The Chrysler Building: Art in Transition

June 29, 2008

During the late 1800s, as architects and structural designers were learning how they would incorporate the then-new advances in the composition of metal, the skylines of cities in Europe and America began to transform. The Chrysler Building came to be recognized as New York’s most recognizable skyscraper, conveying an optimistic look toward modernity through its use of new materials and visual themes which adapted to practical purposes.

Built in 1930, the Chrysler Building by William van Alen is a monument that represents art in transition. Unlike painting, literature, or music, architecture is practiced within the confines of real-use application, and depends the most heavily on science among the above-mentioned arts. When architects and engineers gained the ability (and desire) to build higher, for example, they had to keep human/social aspects of the use of spacing in mind. For example, New York adopted zoning rules which required super-tall buildings to be tapered at the top so that the street level wouldn’t be suffocated by the blocking of sunlight.

The Chrysler Building as seen in 1931. The building is placed at the intersection of Lexington Avenue and 42nd street, Manhattan, New York. Photo courtesy of New York Public Library Digital Gallery:

As I interpret it, the building clearly does not conform to its surrounding aesthetic, and neither does it convey the notion of clarity and logic through straight lines and industrious spacing that would characterize later works. To this extent, The Chrysler Building is a transitional piece. Ian Sutton’s contribution to the “World of Art” series, Western Architecture, places the building in such a context:

Between the purely commercial products of Art Deco, the Odeons and the Roxys, and the more serious, high-minded Modernism of Gropius and the Bauhaus, there is a middle ground which shares something of both. Like the latter, the architects in question also believed in the future (or at least the present), but for them ornament was no crime. The new materials, steel glass, reinforced concrete, were an opportunity, not a discipline. They favoured the curve rather than the straight line (the style was nicknamed ‘Streamlined Moderne’); it was chic, it was up-to-date, it was avant-garde with a touch of elitism, the perfect background to the jazz age.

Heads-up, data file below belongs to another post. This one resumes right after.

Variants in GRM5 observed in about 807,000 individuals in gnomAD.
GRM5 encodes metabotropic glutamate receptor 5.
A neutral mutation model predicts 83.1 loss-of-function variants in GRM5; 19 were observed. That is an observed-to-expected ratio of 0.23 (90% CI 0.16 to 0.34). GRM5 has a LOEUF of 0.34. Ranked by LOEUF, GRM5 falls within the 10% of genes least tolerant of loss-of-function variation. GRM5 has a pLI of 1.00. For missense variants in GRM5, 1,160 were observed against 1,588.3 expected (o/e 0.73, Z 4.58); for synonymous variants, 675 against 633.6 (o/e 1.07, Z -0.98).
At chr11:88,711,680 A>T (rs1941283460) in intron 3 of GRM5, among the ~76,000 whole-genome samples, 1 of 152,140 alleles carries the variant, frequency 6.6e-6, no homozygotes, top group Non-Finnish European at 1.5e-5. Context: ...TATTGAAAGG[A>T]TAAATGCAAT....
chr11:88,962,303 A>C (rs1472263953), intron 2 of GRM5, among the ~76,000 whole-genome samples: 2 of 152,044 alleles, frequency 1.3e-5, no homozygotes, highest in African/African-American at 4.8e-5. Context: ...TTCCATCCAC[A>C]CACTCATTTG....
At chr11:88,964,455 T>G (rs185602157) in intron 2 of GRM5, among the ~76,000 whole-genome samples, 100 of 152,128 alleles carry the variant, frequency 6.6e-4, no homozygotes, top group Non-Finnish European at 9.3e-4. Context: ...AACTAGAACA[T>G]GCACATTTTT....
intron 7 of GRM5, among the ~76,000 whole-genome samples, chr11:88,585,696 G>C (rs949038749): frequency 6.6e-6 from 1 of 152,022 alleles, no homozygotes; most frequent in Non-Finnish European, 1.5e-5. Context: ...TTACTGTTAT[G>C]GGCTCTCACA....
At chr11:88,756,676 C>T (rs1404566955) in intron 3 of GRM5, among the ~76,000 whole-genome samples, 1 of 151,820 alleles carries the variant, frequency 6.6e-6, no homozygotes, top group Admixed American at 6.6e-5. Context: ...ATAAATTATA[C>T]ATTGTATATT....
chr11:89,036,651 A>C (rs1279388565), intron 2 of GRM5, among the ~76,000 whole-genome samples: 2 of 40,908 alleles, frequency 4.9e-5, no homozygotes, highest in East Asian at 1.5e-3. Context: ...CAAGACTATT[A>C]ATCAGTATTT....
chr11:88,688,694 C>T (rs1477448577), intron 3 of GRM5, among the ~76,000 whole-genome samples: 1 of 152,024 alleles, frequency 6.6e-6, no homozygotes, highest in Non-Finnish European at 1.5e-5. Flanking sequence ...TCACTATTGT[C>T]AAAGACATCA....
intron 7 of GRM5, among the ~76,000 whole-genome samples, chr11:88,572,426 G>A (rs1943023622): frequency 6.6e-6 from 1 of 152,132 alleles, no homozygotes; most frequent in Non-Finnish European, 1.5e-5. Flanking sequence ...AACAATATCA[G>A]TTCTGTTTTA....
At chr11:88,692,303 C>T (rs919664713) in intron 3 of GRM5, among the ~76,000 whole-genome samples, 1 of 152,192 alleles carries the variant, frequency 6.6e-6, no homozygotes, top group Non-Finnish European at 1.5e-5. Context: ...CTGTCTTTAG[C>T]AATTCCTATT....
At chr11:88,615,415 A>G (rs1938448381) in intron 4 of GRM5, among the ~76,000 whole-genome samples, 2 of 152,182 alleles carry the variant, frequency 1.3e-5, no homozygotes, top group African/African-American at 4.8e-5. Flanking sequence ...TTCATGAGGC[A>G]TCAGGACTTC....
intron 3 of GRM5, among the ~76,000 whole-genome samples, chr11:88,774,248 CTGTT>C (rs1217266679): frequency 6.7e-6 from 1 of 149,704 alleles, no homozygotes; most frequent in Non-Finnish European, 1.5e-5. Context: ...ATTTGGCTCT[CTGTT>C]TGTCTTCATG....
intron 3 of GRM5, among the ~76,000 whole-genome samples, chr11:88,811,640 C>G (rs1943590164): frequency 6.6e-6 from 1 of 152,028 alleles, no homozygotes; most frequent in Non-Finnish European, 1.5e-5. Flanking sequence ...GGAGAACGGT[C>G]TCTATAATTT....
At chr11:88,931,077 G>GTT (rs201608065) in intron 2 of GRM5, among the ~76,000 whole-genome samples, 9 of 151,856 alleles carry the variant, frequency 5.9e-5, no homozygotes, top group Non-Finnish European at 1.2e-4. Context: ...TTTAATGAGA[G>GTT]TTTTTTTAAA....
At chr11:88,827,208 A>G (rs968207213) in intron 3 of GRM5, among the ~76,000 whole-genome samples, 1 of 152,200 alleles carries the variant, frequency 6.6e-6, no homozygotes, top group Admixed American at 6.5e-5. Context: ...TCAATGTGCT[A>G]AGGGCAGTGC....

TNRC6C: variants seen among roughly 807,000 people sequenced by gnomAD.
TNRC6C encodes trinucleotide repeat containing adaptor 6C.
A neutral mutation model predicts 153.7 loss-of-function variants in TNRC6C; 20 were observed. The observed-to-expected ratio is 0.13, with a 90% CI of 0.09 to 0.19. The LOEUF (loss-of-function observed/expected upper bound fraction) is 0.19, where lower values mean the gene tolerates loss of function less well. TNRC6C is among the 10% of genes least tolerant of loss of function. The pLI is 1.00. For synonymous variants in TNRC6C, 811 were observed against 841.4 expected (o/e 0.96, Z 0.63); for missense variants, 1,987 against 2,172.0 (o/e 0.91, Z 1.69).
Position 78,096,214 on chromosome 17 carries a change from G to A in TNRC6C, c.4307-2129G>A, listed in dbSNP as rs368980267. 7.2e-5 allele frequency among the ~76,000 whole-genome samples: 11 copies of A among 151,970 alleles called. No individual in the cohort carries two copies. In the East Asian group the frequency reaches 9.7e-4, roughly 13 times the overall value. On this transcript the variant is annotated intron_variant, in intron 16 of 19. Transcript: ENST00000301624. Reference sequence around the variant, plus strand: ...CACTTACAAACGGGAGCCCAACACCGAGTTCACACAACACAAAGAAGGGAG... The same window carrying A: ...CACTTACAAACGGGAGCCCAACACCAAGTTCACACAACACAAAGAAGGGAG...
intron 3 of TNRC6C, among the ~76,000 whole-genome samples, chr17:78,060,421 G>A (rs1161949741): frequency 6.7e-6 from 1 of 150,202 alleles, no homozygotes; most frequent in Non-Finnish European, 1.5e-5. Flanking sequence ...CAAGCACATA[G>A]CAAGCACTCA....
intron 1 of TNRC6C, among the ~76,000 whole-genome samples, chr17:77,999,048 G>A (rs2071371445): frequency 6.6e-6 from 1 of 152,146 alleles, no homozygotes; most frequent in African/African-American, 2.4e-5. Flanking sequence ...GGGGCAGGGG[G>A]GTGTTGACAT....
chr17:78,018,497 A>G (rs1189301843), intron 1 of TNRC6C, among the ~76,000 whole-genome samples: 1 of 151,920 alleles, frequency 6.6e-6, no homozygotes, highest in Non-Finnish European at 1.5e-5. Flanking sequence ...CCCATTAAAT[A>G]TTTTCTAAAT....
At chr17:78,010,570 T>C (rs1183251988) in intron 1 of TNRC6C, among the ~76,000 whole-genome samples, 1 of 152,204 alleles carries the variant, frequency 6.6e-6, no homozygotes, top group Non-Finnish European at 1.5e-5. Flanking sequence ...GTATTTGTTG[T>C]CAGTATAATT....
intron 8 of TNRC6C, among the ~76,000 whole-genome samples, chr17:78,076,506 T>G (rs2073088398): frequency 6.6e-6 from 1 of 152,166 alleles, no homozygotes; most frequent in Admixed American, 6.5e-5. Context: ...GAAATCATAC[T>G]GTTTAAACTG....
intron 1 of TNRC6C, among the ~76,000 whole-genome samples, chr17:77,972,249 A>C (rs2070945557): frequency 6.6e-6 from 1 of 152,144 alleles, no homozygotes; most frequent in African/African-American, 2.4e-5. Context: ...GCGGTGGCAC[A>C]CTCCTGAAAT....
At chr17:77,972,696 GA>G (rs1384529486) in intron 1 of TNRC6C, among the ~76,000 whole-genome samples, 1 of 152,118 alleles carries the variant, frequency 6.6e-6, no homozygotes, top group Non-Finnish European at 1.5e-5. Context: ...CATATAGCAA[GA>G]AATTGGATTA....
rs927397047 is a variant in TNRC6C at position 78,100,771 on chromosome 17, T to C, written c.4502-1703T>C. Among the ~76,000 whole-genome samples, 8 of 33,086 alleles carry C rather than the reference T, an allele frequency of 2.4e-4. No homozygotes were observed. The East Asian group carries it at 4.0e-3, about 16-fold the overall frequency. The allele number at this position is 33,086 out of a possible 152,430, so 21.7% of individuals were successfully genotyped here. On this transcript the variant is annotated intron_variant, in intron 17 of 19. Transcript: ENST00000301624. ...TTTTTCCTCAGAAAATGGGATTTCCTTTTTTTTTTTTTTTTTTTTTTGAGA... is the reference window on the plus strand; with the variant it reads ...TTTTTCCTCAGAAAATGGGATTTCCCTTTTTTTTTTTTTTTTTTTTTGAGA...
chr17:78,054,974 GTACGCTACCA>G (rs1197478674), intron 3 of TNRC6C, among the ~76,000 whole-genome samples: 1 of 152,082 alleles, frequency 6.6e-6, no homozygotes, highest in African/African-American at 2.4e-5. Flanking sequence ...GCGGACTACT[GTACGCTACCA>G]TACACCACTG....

Speaking of the jazz age, a few auteurs—notably Fitzgerald—come to mind. And actually, I can see how this building for some New Yorkers might have represented an embrace of futurism, technology, and success (even in the midst of the 1930s). For four months, the Chrysler Building was tallest building in the world (a title overtaken by the Empire State Building. (I am reminded of today’s climate in which the status of tallest building—whether in Taiwan, Dubai, Chicago, etc.—changes hands during and shortly after construction). The building is decorative, romantic, non-economical. Sutton describes the technological environment that made such buildings possible:

Three new inventions made it possible to build higher One was Elisha G. Otis’s perfection of his elevator, an essential requirement for tall buildings. Another was Sir Henry Bessemer’s new process of manufacturing steel, an alloy that provided greater strength with less weight and had tensile properties lacking in cast iron. Both these inventions date from the 1850s, but their effect was not felt until the 1870s. The third was the development of fireproofing for the iron (later steel) frame.

The Chrysler Building under construction in 1929. Photo courtesy of New York Public Library Digital Gallery:

In the future, I will look at architecture characterizing periods before and after the Chrysler Building’s reign. Though, the building remains one of the tallest in New York City, which implies that such a reign never ended (if you are judging such things by height). Later buildings would be less decorative and seemingly more judicious in its use of space. It is possible that the spirit which inspired the building’s was stifled in part by the economy (the depression erupted in 1929), or other more “pragmatic” reasons for not producing such buildings.

1. Sutton, Ian. Western Architecture: From Ancient Greece to the Present. London: Thames & Hudson; 1999. 311, 322.